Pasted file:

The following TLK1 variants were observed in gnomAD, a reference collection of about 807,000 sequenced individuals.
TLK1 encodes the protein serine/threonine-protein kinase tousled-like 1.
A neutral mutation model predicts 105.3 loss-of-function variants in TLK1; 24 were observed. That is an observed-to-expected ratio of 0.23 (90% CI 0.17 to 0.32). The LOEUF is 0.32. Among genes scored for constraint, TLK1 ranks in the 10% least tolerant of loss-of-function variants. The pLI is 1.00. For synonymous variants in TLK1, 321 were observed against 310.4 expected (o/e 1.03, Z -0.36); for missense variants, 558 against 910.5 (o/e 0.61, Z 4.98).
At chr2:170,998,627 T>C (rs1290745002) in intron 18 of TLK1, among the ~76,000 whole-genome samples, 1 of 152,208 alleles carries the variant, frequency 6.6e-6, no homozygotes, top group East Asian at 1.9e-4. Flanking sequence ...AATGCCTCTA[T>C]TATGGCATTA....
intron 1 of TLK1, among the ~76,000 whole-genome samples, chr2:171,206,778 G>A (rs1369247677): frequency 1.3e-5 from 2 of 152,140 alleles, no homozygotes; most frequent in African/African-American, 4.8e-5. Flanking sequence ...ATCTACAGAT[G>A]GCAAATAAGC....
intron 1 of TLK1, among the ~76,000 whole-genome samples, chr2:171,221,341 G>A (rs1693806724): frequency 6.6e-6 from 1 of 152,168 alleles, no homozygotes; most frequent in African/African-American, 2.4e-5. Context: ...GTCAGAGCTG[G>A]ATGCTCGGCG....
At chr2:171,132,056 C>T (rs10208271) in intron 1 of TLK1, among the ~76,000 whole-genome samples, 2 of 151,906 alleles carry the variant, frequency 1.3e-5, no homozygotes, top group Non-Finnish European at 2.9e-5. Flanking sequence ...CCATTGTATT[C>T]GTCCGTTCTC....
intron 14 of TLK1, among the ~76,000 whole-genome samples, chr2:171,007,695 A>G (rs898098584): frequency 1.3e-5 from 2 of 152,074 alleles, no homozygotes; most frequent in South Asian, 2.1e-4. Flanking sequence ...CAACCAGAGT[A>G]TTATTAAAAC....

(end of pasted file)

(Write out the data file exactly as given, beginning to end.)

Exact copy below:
The following TLK1 variants were observed in gnomAD, a reference collection of about 807,000 sequenced individuals.
TLK1 encodes the protein serine/threonine-protein kinase tousled-like 1.
A neutral mutation model predicts 105.3 loss-of-function variants in TLK1; 24 were observed. That is an observed-to-expected ratio of 0.23 (90% CI 0.17 to 0.32). The LOEUF is 0.32. Among genes scored for constraint, TLK1 ranks in the 10% least tolerant of loss-of-function variants. The pLI is 1.00. For synonymous variants in TLK1, 321 were observed against 310.4 expected (o/e 1.03, Z -0.36); for missense variants, 558 against 910.5 (o/e 0.61, Z 4.98).
At chr2:170,998,627 T>C (rs1290745002) in intron 18 of TLK1, among the ~76,000 whole-genome samples, 1 of 152,208 alleles carries the variant, frequency 6.6e-6, no homozygotes, top group East Asian at 1.9e-4. Flanking sequence ...AATGCCTCTA[T>C]TATGGCATTA....
intron 1 of TLK1, among the ~76,000 whole-genome samples, chr2:171,206,778 G>A (rs1369247677): frequency 1.3e-5 from 2 of 152,140 alleles, no homozygotes; most frequent in African/African-American, 4.8e-5. Flanking sequence ...ATCTACAGAT[G>A]GCAAATAAGC....
intron 1 of TLK1, among the ~76,000 whole-genome samples, chr2:171,221,341 G>A (rs1693806724): frequency 6.6e-6 from 1 of 152,168 alleles, no homozygotes; most frequent in African/African-American, 2.4e-5. Context: ...GTCAGAGCTG[G>A]ATGCTCGGCG....
At chr2:171,132,056 C>T (rs10208271) in intron 1 of TLK1, among the ~76,000 whole-genome samples, 2 of 151,906 alleles carry the variant, frequency 1.3e-5, no homozygotes, top group Non-Finnish European at 2.9e-5. Flanking sequence ...CCATTGTATT[C>T]GTCCGTTCTC....
intron 14 of TLK1, among the ~76,000 whole-genome samples, chr2:171,007,695 A>G (rs898098584): frequency 1.3e-5 from 2 of 152,074 alleles, no homozygotes; most frequent in South Asian, 2.1e-4. Flanking sequence ...CAACCAGAGT[A>G]TTATTAAAAC....